In his three month’s a IDEO’s Cambridge office, Tim has been brought onto projects at the early brainstorming phase to expand a client’s, and design team’s, way of thinking about a design problem. Design and architecture are both endeavors that require systemic thinking. Designers need to look at the big picture and understand its relationship to each of the details, mentally shifting scales all the time to make sure that all the parts support the whole. While designers are trained and practiced at making these mental leaps, clients are not trained in the same way and can find it difficult to follow design ideas that capture abstract concepts and systems. Everyone, however, has some experience with nature. Tim uses his knowledge of systems present in nature to spur deeper thinking about how other complex systems work, like those of a manufacturing line, or mobile communications in a business with far flung employees. With a biologist’s knowledge of natural ecosystems, his design team discovers new types of systems that have relationships to how people work and live. Nature is an easy example that most clients can immediately relate to, and even the most superficial understanding of an element in nature can be used as a gateway to understanding how complex natural systems actually work and analogs that can be made to the design problem at hand.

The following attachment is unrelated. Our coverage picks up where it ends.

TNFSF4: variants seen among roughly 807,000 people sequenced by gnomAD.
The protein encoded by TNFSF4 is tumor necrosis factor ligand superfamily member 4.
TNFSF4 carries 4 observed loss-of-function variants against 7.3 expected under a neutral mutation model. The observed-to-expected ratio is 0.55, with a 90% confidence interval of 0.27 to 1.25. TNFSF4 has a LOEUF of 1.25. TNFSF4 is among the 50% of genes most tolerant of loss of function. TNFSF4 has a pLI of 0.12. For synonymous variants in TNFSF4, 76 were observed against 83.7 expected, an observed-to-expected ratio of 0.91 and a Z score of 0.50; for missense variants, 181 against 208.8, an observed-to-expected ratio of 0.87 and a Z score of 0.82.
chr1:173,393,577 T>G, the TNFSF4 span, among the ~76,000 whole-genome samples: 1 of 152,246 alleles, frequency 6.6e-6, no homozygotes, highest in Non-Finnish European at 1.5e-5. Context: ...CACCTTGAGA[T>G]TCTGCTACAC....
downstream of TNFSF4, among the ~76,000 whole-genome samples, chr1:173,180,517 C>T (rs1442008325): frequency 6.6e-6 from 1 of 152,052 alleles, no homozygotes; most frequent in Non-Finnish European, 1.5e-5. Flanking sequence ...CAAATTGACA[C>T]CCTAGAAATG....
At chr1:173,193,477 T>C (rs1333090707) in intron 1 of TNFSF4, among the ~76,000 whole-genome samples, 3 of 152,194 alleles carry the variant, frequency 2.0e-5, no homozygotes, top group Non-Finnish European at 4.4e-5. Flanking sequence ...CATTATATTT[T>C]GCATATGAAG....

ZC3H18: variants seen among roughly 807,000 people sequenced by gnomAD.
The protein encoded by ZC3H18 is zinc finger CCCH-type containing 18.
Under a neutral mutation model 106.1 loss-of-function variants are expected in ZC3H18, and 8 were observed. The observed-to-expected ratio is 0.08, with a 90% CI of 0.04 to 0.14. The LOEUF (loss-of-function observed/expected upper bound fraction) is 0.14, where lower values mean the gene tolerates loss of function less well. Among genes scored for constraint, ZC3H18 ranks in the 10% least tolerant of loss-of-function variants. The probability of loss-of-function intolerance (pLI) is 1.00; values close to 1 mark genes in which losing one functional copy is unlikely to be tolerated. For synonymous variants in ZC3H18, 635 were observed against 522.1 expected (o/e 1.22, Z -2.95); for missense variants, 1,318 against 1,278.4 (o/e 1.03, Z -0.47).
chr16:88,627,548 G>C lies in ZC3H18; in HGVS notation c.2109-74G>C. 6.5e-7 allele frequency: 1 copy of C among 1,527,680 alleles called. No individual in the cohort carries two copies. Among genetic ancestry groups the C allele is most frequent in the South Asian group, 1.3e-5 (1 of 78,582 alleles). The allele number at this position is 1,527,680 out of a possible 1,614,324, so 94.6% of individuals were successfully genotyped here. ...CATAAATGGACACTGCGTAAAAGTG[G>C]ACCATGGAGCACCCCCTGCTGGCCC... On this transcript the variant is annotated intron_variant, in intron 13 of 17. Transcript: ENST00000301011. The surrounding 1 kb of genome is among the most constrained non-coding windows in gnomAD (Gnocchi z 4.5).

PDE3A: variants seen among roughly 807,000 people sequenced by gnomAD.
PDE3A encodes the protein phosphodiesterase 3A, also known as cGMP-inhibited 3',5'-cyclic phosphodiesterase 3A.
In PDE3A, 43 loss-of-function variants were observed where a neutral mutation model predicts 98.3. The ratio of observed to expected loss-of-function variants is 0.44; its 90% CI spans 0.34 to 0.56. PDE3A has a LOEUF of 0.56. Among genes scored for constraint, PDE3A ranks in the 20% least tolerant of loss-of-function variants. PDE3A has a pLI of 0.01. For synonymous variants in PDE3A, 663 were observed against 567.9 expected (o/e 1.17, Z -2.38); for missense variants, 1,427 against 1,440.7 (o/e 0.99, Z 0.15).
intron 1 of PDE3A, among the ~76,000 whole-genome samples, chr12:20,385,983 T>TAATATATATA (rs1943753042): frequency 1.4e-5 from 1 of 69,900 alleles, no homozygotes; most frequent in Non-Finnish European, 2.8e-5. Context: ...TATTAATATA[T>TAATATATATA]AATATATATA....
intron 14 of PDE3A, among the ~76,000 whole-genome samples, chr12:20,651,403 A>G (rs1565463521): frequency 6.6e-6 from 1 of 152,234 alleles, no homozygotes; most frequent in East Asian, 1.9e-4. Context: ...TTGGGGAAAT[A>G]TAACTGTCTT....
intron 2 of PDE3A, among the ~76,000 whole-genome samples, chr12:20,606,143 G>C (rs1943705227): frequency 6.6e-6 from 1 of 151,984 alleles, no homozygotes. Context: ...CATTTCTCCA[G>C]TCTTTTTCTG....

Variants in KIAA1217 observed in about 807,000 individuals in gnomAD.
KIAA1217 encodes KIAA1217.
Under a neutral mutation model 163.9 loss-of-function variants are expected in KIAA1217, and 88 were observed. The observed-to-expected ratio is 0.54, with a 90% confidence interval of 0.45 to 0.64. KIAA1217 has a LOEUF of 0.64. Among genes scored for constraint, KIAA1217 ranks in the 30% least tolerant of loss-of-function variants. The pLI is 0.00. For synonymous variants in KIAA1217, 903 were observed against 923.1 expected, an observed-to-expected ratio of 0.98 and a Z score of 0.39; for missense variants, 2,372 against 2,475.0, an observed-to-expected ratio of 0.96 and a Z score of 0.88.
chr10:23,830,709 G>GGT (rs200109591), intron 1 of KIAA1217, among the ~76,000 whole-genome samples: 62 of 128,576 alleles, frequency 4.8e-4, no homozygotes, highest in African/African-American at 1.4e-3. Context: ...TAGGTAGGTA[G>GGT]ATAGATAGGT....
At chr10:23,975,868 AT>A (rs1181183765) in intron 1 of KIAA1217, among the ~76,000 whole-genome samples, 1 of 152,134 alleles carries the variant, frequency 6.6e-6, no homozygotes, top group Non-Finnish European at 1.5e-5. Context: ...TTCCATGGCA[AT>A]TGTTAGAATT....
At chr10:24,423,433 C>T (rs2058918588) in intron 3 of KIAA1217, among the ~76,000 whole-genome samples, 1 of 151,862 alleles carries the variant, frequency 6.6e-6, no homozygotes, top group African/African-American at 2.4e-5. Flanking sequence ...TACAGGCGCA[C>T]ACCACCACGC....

The analogy with natural systems is not always a direct translation, which for me made his argument all the more convincing. One of the anecdotes Tim shared demonstrated how he used leaf cutter ants to get a manufacturing client to think about efficiency, flexibility, adaptability and resiliency in their production line. The client came to IDEO with the preconception that they wanted a more efficient manufacturing line so they could adapt to fast, abrupt changing in their product line. Unlike this client, which manufactured a variety of products all in the same facility, leaf cutter ants only harvest one thing to eat – leaves. While their monoculture of growing fungus on leaves left the ants vulnerable to diseases attacking their only food supply, the leaf cutter ants also produce a bacterium which protects the leaves that grow their food. The ants evolved a special pouch that carries this bacterium, spreads it over their bodies, and cover the plants and leaves that they pick. This resilient bacterium protects their highly efficient system of monoculture to ensure their food supply. Using this kind of example from nature, Tim was able to get his client to think more deeply about the complex nature of the manufacturing system and whether they really wanted an efficient system, or one that resilient enough to adapt to sudden changes.